There’s nothing wrong with the occasional glass of wine if you’re a healthy adult, but you should be mindful of how much you drink on special occasions. Alcohol can disrupt your body in many ways. You’ll be queasy, dehydrated, and have your sleep quality patterns interrupted.

6. Utilize Aromatherapy

Many people have a cabinet full of essential oils and no idea what to do with them. Try a little bedtime aromatherapy with a warm bath. Aromatherapy works by stimulating your olfactory system, the system of your body that recognizes scents and relays information to your brain.

Your olfactory system will then send cues to your limbic system, the part of your brain responsible for modulating your mood.

Most studies on aromatherapy used lavender essential oil to promote a calm mood or practice good sleep hygiene. There’s no reason you need to use lavender essential oil if you aren't into it. If you find mint, jasmine, rose, eucalyptus or even rosemary essential oil has a positive impact on the way you feel, go for it.

Put a few drops of aromatherapy into a diffuser with some water. Place the diffuser in a place where you can easily smell it from your bed. When you lay down, close your eyes and take deep breaths.

Focus on the way the scent makes you feel and clear your mind. Live in the moment until you drift off.

7. Find a Soothing Hobby

Many people find that they can’t go straight from cleaning up after dinner to falling right asleep. You need a gentle segue to take you from point A to B. The best thing to do is find a stimulating hobby to help you wind down, but not so intense that it will keep your mental or physical energy up.

Reading, listening to relaxing music, knitting, or sketching are great gentle nighttime hobbies. Just don’t do them in bed. You don’t want your bed to become an activity space. Have a designated relaxing area to chill out before you go to bed. When you’re done, put your hobby down and get into bed.

8. Journal at Bedtime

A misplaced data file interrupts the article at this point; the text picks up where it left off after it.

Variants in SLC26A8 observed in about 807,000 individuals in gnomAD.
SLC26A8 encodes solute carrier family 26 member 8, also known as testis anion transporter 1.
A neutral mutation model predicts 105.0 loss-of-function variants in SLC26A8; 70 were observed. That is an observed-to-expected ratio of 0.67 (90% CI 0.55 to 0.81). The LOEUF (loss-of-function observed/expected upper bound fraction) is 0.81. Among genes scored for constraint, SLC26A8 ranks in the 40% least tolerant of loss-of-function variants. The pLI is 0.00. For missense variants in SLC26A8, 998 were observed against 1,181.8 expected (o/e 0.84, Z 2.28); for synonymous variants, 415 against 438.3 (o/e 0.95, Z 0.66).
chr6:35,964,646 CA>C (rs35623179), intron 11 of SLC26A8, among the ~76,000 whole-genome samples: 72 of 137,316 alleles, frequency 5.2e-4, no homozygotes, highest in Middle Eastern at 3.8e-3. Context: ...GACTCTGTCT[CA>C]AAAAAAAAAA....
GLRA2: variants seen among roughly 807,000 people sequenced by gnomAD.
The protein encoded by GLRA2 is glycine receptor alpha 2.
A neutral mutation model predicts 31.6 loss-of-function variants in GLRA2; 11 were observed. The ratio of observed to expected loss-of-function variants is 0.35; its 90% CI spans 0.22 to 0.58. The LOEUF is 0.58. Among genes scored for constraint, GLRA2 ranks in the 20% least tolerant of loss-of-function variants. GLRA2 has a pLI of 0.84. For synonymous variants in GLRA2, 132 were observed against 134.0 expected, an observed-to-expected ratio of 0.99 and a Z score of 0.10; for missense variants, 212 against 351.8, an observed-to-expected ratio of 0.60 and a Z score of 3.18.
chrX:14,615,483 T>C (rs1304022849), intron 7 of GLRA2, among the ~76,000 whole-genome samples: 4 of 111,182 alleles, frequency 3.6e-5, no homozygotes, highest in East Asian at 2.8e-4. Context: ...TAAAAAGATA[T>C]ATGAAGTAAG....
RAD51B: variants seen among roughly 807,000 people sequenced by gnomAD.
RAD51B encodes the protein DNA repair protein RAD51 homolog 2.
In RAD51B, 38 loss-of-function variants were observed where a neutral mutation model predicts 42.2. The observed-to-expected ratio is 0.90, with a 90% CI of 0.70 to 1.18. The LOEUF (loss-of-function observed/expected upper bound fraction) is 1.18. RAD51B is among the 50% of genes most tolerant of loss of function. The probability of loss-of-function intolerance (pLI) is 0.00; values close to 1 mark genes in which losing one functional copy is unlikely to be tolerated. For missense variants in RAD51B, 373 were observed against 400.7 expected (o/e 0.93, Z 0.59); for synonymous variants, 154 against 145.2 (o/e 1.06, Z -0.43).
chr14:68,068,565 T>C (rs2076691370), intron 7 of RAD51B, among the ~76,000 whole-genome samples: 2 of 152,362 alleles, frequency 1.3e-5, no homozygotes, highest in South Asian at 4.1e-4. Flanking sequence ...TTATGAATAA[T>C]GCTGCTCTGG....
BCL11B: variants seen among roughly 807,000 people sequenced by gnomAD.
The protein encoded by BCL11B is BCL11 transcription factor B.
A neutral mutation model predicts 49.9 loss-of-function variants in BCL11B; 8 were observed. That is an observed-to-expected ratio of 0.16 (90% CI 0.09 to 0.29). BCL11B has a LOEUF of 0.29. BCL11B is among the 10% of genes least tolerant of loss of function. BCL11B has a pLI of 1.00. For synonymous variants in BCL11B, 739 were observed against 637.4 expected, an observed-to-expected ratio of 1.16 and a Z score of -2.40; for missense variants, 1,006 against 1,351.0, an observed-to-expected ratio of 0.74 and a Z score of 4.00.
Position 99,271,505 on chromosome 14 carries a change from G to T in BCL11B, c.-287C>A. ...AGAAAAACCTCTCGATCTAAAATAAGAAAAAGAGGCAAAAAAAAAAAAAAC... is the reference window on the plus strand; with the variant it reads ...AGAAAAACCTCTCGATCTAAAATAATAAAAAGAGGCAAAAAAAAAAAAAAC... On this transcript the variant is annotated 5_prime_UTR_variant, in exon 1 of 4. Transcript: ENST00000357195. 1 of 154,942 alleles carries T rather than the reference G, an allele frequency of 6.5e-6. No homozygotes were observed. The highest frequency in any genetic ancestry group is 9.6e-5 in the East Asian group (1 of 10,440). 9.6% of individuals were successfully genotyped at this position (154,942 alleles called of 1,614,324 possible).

One of the best relaxation techniques is to mentally prepare your priorities for the next day. If you have too much on your mind to go to bed, a journal can help. A journal provides you with a way to organize your thoughts, ideas, experiences, and plans. A journal is a place where you can vent about unpleasant moments and express gratitude for the wonderful things that happened to you.

Write out what’s stressing you, and finish by putting a positive spin on things. End on a happy note. Talk about your dreams and goals. Reflect on acts of kindness and nice things that happened to you. Even if the best part of your day was a really nice dog you met outside the coffee shop, that’s still great. Work to find your silver linings and lay down with a positive mindset.

9. Pick a Bedtime and a Wake Time

The best way to get your body on a schedule that will allow you to fall asleep fast is to adopt a ritual. If you go to bed at the same time every night and wake up at the same time every morning, your healthy sleep habits and schedule will function like clockwork.

You’ll be able to feel your eyelids when bedtime is approaching, and you’ll wake up refreshed.

Adults need between seven and nine hours of sleep a night for optimal function. You might be one of those who only need seven hours, or you might need the whole 9 hours to feel your best. Your body will tell you if you adhere to a sleep schedule for a while.

Split the difference and set a bedtime and wake time at least eight hours apart. Stick to it for a few weeks. Eventually, it will become easy. You’ll fall asleep moments after your head hits the pillow, and you might wake up just a few minutes before your alarm goes off.

10. Use CBD

CBD is a holistic wellness aid that assists in many of your body’s most essential functions, including sleep. Many people find that using CBD every night, an hour or so before bed, helps them unwind.

CBD can ease mental and physical tension, helping you relax. To maximize the benefits, you can combine CBD with things like relaxing hobbies, lifestyle changes, journaling, and aromatherapy.

Make Peels a Part of Your Bedtime Routine

Peels CBD is naturally THC-free because it’s made from oranges instead of hemp. It’s non-habit forming and doesn’t have any hangover-like side effects like over-the-counter sleep aids. It doesn’t make you drowsy -- it just makes you feel good. Add Peels to your bedtime ritual.

Sources

The Best Temperature for Sleep: Advice & Tips | Sleep Foundation

The inner clock—Blue light sets the human rhythm | National Institutes of Health

Alcohol and the Sleeping Brain - PMC | National Institutes of Health

Aromatherapy: Is it worthwhile? | Mayo Clinic